Annabella of Ely

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Annabella of Ely: Poems I-LXVII. Foreword by Liesl Ketum. 38pp. gnOme, 2016.

Long thought to have been inadvertently thrown on her funeral pyre, this recently discovered text tells the story of Annabella of Ely’s spiritual transformation. In a series of seventy-seven short, distinctive poems, Annabella describes the heights and deep abysses of her mystical journey, one marked by suffering, bliss, and most importantly, Love.

“Annabella of Ely is a miracle. She takes me aside from the multitude. She places her fingers in my ears. She spits and touches my tongue. She looks up to heaven and sighs. She says, ‘be opened.’” – Nicola Masciandaro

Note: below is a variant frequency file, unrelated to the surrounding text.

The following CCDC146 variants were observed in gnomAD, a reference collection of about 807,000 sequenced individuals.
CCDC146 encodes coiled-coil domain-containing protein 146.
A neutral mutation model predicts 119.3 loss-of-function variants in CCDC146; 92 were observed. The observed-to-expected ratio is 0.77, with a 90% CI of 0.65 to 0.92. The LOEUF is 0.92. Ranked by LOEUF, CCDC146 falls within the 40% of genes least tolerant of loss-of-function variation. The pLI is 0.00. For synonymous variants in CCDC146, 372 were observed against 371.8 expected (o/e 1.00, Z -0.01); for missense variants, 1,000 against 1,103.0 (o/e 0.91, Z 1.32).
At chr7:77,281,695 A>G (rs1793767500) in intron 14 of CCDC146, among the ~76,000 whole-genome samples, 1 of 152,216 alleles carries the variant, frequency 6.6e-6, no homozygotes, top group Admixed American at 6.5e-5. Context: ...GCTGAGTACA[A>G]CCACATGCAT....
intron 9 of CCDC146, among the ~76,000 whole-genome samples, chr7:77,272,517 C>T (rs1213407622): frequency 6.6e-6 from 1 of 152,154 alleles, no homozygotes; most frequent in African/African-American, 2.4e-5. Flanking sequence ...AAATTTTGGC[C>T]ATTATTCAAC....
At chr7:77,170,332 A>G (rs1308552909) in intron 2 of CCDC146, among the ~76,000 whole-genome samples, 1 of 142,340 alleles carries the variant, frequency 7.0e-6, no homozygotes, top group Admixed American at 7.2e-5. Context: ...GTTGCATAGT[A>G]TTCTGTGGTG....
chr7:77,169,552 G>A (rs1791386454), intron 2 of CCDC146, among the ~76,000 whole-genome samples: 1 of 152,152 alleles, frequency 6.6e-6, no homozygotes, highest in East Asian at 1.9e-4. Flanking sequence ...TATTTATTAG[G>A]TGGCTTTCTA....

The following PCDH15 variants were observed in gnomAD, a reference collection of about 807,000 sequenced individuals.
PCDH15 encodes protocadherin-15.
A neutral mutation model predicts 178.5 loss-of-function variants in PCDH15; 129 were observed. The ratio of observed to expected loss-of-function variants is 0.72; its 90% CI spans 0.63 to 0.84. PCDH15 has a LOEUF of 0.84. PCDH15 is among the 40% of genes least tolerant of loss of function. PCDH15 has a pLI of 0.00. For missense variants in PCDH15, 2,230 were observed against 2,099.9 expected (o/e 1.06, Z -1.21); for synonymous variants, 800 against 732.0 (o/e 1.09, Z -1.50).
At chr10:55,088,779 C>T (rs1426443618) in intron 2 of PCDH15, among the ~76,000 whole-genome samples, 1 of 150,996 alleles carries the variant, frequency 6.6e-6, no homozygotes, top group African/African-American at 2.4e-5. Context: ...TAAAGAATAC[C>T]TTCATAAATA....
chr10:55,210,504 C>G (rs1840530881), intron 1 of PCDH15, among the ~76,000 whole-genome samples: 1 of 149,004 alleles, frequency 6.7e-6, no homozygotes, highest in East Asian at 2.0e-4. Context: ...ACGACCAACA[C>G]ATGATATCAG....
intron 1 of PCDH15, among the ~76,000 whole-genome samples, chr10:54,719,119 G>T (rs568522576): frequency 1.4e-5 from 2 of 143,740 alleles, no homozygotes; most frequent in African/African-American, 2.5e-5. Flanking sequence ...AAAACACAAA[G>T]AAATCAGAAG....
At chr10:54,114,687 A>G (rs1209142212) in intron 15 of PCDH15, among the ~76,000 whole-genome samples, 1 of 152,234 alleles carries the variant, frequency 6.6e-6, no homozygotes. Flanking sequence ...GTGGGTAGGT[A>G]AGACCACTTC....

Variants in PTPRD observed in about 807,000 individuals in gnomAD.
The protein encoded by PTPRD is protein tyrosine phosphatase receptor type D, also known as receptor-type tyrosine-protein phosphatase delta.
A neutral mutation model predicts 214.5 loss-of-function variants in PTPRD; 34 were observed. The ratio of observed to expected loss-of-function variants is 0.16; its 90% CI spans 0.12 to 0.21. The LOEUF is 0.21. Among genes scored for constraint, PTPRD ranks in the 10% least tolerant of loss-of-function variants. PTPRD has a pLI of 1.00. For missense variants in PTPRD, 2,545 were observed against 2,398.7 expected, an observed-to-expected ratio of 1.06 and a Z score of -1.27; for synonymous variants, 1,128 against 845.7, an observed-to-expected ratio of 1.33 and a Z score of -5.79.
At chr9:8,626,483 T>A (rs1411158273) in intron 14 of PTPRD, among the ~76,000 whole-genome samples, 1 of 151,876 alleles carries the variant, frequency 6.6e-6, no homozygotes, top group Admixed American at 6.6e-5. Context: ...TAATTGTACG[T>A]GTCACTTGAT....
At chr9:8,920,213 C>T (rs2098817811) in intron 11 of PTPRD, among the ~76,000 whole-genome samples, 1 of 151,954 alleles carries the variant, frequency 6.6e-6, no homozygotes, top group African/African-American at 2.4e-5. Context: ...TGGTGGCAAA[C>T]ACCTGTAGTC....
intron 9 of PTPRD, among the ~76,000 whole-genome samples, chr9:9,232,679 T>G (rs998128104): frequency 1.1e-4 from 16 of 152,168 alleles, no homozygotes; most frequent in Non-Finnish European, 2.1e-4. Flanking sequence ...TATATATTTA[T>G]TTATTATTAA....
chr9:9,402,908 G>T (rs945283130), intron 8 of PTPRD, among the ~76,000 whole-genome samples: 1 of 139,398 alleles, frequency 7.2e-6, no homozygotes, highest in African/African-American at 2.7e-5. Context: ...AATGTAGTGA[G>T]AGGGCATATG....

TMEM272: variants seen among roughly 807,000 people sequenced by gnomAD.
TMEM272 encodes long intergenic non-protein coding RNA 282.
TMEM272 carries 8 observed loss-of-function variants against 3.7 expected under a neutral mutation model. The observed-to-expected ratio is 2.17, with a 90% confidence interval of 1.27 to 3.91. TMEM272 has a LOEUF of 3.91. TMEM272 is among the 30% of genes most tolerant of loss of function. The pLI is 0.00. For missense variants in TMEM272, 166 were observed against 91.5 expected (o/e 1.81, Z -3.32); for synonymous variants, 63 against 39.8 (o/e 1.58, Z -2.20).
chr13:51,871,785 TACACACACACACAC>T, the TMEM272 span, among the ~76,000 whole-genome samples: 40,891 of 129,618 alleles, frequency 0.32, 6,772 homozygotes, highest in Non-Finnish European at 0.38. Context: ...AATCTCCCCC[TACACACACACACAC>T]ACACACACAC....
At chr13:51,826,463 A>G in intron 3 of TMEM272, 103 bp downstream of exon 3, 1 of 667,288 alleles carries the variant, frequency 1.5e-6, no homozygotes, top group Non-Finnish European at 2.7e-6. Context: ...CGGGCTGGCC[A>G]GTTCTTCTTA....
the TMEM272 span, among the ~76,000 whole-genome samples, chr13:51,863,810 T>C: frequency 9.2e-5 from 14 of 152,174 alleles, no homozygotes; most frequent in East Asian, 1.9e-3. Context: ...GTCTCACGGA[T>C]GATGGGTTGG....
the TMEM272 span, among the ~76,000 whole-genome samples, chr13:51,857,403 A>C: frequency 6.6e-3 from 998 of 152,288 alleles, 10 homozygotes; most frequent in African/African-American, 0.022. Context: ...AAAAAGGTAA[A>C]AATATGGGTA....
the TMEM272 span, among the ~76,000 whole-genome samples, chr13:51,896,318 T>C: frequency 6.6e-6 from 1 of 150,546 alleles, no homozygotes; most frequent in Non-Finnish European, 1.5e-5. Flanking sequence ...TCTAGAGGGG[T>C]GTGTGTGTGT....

forthcoming

The Walk of Absence

WA front smallErba. The Walk of Absence. gnOme, 2016. ISBN-13: 978-0692660454. ISBN-10: 0692660453. 50pp. $6.00.

The apocalypse has already occurred, and we missed it. God is not dead, as Nietzsche or Mahfouz claimed, but he has simply left, as Samuel Beckett shows us. Man now lingers out of inertia, suspended indefinitely in a kind of purgatory between an abandoned heaven and a lukewarm hell—as always, but with no intention of bringing the journey to an end. Is poetry possible in the aftermath of this anticlimactic apocalypse? How to raise the stakes when there is nothing to lose? Can we devise better and more reckless games, now that the director has abandoned the show and the theatre is burned down? Perhaps the post-apocalyptic human will prove even more resilient than his predecessor, precisely because he lacks the will to live or die. And so, many of these poems were written with those in mind whom we did not lose to war, but to indifference, those that were taken not by death, but by the tepid current of everyday life…